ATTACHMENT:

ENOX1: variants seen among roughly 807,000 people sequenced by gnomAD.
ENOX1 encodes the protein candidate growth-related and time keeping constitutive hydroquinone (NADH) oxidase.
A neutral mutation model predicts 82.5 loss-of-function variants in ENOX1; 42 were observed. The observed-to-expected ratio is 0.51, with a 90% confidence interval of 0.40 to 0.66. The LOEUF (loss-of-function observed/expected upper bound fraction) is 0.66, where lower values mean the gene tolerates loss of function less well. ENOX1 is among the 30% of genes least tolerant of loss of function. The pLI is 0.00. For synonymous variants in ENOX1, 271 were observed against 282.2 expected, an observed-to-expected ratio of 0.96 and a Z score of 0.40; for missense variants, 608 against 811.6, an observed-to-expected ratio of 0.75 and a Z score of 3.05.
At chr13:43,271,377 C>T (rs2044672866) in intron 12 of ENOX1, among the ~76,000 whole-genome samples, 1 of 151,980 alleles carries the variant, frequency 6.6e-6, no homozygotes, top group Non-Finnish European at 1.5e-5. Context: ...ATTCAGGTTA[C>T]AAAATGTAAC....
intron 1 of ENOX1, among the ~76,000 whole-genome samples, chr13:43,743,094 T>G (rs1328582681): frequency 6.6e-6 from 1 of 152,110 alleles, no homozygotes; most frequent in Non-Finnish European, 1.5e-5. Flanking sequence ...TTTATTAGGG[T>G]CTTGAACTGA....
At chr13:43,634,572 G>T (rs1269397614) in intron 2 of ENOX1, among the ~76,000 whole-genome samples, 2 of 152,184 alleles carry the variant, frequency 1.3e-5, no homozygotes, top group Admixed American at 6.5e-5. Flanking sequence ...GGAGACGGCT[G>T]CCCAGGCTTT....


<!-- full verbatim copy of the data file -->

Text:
ENOX1: variants seen among roughly 807,000 people sequenced by gnomAD.
ENOX1 encodes the protein candidate growth-related and time keeping constitutive hydroquinone (NADH) oxidase.
A neutral mutation model predicts 82.5 loss-of-function variants in ENOX1; 42 were observed. The observed-to-expected ratio is 0.51, with a 90% confidence interval of 0.40 to 0.66. The LOEUF (loss-of-function observed/expected upper bound fraction) is 0.66, where lower values mean the gene tolerates loss of function less well. ENOX1 is among the 30% of genes least tolerant of loss of function. The pLI is 0.00. For synonymous variants in ENOX1, 271 were observed against 282.2 expected, an observed-to-expected ratio of 0.96 and a Z score of 0.40; for missense variants, 608 against 811.6, an observed-to-expected ratio of 0.75 and a Z score of 3.05.
At chr13:43,271,377 C>T (rs2044672866) in intron 12 of ENOX1, among the ~76,000 whole-genome samples, 1 of 151,980 alleles carries the variant, frequency 6.6e-6, no homozygotes, top group Non-Finnish European at 1.5e-5. Context: ...ATTCAGGTTA[C>T]AAAATGTAAC....
intron 1 of ENOX1, among the ~76,000 whole-genome samples, chr13:43,743,094 T>G (rs1328582681): frequency 6.6e-6 from 1 of 152,110 alleles, no homozygotes; most frequent in Non-Finnish European, 1.5e-5. Flanking sequence ...TTTATTAGGG[T>G]CTTGAACTGA....
At chr13:43,634,572 G>T (rs1269397614) in intron 2 of ENOX1, among the ~76,000 whole-genome samples, 2 of 152,184 alleles carry the variant, frequency 1.3e-5, no homozygotes, top group Admixed American at 6.5e-5. Flanking sequence ...GGAGACGGCT[G>T]CCCAGGCTTT....